The Russian Peach Aphid (Diuraphis noxia) has been found in Southern Australia. This is the first report in Australia of this high priority pest of the grains industry. The primary cereal hosts include cereals such as wheat, barley and oats. The initial detection of the pest was on a site just south of Tarlee and the pest has since been found on properties within 20km of the initial detection.

PIRSA staff are taking immediate action when it comes to controlling the outbreak and are conducting trace back operations to determine the source. Landholders and local agronomists are encouraged to keep a watchful eye on their crops and all outbreaks can be reported to the Exotic Pests Plant Hotline on 1800 084 881.

Background

The Russian peach aphid is found in all major cereal production regions around the world and only recently in Australia. The cereal pest injects toxins into the plant during feeding which retards the growth and eventually kills the plant. Infected plants will commonly show whitish, yellow and red leaf markings as well as rolled leaves. The aphid is a small lime-green colored aphid with an elongated body. The adults are 1.4-2.3mm in length with short antennae.

South Australia Russian aphid outbreak

 

Potential Impact

Analysis has indicated that there is a high risk of severe losses in many Australian wheat growing areas if the pest isn’t successfully contained. Since its appearance in Texas in 1986, the Russian peach aphid has become a major pest of wheat and barley costing the industry over $850 million in direct and indirect losses from 1987 to 1992.

Quotes from the executive director of bio security

To help us determine the full extent on the spread of Russian wheat aphid we need all cereal farmers and agronomists to keep a close and watchful eye on their emerging crops over the coming weeks.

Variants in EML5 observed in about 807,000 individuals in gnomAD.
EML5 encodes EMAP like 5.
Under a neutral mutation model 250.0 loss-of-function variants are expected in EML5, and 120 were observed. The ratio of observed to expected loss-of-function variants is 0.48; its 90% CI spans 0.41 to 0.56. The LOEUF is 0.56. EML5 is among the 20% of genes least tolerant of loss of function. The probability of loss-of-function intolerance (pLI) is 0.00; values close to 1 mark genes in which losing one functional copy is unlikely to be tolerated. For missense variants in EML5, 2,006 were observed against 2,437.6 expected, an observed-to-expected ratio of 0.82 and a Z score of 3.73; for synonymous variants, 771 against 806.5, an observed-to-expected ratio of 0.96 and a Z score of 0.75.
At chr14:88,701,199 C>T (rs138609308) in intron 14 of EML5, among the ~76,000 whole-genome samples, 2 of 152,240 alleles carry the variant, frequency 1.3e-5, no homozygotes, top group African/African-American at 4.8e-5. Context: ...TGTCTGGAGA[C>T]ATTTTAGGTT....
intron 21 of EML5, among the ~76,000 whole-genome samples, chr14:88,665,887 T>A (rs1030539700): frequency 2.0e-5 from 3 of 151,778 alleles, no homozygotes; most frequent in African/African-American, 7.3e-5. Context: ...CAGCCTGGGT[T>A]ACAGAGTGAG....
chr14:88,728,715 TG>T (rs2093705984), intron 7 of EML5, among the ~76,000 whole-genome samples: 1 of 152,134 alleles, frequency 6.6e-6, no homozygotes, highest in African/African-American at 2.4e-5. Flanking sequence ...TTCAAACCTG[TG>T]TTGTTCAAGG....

If you observe anything unusual or any signs of damage, particularly if the plants show whitish, yellow or red/purple leaf markings and rolling leaves, along with any strange pest activity, please immediately phone our Exotic Pest Plant Hotline on 1800 084 881.

Once the nature of the crop damage has been determined, PIRSA in liaison with industry and local agronomists will then provide advice on the best treatment options.

When inspecting your crops remember that on-farm biosecurity measures are also essential to help protect your crops from pest and disease. So please do the right thing and inspect, report and decontaminate.

Quotes sourced from PIRSA 

South Australia Russian aphid outbreak

Image sourced from the Department of Agriculture and Food

What NSW can do

If the Russian peach aphid becomes established. it could have considerable impacts on yield (up to 80% in wheat and 100% in barley) along with a variety of other management issues such as unknown insecticide resistance status and varietal response to the aphid itself. We need agronomists, growers and agricultural professionals to specifically look for the symptoms of the Russian Peach aphid and report back on a weekly basis with the attached sheet below.
Russian wheat aphid surveillance reporting sheet

Email the reporting sheet to: biosecurity@dpi.nsw.gov.au

For some additional information regarding the surveillance of the pest click the links below.

NSW RWA Surveillance fact sheet

Exotic Pest Alert Russian Wheat Aphid Identification and Associated Damage

 

 

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